Its products are a fixture of most French households, but its boss is British and he's caused outrage by declaring America first for any coronavirus vaccine.

Here are five things to know about the Paris-based pharmaceuticals group Sanofi, whose Manchester United-supporting CEO Paul Hudson just got a yellow card from the French government for his vaccine remarks:

Sanofi employs some 100,000 people worldwide and makes products in 32 countries. Its turnover last year was 36 billion euros ($39 billion).

It was founded in 1973 with just 10 staff as a spinoff from the French oil group Elf Aquitaine. A global acquisitions spree followed.

Two deals stand out: in 1999 the company merged with a subsidiary of L'Oreal to become Sanofi-Synthelabo.

Then, it turned its sights on Franco-German rival Aventis, which initially resisted its overtures.

Racing to find a coronavirus vaccine
Racing to find a coronavirus vaccine AFP / ERIC PIERMONT

After a protracted process that turned highly political in both Paris and Berlin, Aventis succumbed in April 2004.

In 2011, the Sanofi-Aventis combine shelled out more than $20 billion for the US biotechnology firm Genzyme, and changed its own name back to just Sanofi.

In September, Hudson became Sanofi's first non-French speaking boss as the ambitious company turned to a global executive with experience in the United States and Japan.

Hudson, who grew up in Manchester, previously held senior roles at Novartis and AstraZeneca.

This week he caused a stir when he said that Americans would have priority to any coronavirus vaccine developed by Sanofim, as their government is helping to fund the company's research.

President Emmanuel Macron's office said it would hold talks with Sanofi executives at the Elysee Palace early next week, insisting that any vaccine be treated as "a global public good, which is not submitted to market forces".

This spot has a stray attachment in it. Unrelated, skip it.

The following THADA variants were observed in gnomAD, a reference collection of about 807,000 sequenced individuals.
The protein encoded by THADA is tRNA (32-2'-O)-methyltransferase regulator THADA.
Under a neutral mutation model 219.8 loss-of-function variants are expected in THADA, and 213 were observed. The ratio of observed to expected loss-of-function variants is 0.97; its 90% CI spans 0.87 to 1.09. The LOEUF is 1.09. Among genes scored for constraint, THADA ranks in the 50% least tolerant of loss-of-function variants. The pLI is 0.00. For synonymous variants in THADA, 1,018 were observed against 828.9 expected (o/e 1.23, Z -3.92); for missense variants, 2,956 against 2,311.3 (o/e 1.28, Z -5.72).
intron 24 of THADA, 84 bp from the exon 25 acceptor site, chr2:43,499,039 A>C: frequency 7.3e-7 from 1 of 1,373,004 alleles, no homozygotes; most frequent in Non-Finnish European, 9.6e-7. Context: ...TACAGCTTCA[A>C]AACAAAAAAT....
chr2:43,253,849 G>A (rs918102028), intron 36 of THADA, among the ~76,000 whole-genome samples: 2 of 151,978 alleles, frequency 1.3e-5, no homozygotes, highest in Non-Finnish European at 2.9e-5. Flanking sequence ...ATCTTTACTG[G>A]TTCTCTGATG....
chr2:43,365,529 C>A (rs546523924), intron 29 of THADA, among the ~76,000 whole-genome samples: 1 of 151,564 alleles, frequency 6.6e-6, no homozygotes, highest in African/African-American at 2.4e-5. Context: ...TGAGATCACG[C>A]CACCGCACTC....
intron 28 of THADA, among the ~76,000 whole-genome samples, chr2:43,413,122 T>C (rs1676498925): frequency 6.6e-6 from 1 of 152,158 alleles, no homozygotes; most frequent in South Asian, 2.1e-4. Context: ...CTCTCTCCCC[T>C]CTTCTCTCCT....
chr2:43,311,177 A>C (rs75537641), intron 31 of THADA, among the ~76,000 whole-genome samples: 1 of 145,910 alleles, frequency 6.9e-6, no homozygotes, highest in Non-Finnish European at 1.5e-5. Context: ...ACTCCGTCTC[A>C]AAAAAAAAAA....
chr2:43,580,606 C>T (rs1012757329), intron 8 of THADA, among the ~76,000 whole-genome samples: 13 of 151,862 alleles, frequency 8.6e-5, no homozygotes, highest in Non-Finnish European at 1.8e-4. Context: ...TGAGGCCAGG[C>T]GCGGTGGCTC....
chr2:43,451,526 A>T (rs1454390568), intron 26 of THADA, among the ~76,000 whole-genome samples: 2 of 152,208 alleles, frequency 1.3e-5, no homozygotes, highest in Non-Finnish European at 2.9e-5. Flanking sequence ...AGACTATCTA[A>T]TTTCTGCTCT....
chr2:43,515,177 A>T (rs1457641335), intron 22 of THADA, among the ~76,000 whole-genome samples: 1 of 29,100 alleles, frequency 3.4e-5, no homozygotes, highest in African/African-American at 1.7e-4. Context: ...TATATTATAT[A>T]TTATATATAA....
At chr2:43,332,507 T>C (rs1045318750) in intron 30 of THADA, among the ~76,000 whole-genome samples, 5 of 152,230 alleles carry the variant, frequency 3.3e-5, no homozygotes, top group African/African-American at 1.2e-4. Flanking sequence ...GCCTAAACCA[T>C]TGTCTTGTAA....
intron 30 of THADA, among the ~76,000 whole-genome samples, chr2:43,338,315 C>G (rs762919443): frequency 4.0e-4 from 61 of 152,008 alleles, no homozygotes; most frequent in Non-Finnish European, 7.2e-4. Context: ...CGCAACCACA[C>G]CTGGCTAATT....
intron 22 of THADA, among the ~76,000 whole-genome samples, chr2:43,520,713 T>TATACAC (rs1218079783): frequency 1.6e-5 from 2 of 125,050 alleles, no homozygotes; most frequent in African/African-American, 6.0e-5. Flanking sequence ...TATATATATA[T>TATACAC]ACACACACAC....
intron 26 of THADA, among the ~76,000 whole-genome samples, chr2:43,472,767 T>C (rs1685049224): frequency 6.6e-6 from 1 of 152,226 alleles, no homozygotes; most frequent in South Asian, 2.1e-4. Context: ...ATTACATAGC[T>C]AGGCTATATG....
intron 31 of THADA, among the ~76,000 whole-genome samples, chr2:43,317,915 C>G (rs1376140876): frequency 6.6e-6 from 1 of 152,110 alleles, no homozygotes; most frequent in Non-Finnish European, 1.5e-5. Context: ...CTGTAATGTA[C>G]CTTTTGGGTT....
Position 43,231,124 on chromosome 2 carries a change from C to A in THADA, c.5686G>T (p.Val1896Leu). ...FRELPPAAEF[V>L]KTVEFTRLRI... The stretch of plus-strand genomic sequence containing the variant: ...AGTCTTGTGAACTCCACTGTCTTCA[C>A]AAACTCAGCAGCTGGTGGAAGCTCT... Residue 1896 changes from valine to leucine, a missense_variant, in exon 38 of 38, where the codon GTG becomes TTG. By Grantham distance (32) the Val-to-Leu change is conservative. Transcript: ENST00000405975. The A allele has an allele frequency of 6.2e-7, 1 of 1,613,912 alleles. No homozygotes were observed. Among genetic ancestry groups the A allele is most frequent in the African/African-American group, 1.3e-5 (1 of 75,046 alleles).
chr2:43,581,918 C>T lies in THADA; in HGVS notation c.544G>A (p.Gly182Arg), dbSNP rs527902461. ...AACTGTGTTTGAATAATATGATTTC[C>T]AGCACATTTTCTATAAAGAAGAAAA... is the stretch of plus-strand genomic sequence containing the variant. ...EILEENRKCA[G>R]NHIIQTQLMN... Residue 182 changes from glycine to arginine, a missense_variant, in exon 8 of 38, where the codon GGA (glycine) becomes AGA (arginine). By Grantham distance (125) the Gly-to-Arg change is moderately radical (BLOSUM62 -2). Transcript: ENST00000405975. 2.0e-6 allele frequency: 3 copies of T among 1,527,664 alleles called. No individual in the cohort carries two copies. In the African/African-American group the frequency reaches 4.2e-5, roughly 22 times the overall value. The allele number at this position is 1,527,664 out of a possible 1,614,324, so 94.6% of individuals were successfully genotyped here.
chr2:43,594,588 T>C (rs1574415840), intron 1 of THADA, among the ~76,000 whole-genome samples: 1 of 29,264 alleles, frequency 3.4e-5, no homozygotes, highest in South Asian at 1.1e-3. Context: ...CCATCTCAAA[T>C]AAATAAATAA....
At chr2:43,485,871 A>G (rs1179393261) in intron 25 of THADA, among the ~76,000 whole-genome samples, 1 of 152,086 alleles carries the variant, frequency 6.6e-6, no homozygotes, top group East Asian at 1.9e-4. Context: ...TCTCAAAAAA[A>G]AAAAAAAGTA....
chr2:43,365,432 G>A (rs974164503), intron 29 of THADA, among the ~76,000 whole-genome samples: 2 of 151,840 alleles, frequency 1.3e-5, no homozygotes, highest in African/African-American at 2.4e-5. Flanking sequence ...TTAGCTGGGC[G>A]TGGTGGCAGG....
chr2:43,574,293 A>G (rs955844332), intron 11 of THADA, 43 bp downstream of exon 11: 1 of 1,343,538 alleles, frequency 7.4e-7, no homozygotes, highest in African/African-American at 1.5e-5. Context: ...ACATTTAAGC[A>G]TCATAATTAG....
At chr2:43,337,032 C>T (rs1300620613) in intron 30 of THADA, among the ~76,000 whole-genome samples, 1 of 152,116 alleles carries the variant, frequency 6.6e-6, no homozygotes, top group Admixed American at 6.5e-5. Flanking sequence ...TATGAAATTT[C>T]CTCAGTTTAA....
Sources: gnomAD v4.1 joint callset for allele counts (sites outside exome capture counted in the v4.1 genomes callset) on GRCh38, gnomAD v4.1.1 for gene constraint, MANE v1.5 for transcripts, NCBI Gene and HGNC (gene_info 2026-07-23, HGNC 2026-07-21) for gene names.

A yellow card from the French government
A yellow card from the French government AFP / ERIC PIERMONT

In February, following a three-year probe, Sanofi was charged in France with failure to adequately warn patients and causing injury over an anti-epilepsy drug linked to birth defects.

Sanofi vowed to fight the charges, insisting it had been transparent about potential side-effects of the drug, which is marketed around the world as Depakine among other names.

Sanofi also denies claims in the Philippines of causing the deaths from 2016 of several dozen children who received its drug Dengvaxia, the world's first vaccine against dengue fever.

Manila banned the drug after a nationwide panic among parents, although a government-commissioned investigation found no conclusive proof that Dengvaxia was to blame.

Like other drug companies, Sanofi has also been dogged by litigation in the United States, including an accusation in Minnesota of price-gouging over an insulin treatment.

With medications such as Doliprane (paracetamol) and treatments like Mitosyl, a cream for nappy/diaper rash, Sanofi products are a mainstay of French bathroom cabinets.

The group's pharma lineup also includes the cardiovascular drugs Plavix and Aprovel/Avapro, and treatments for diabetes.

One of its best-selling "blockbuster" drugs is Dupixent, used for eczema and asthma among other conditions.

Through its unit Sanofi Pasteur, the firm is a leading producer of vaccines, and like rivals is engaged in a breakneck hunt to develop one against the COVID-19 coronavirus.

A patina of chic has also attached to the company. In 1993 it took over the fashion house Yves Saint Laurent, before selling it six years later to French billionaire Francois Pinault.

Sanofi also had a perfumes and cosmetics business which it sold in 2008 to L'Oreal, which today has a stake of 9.4 percent in the pharma group.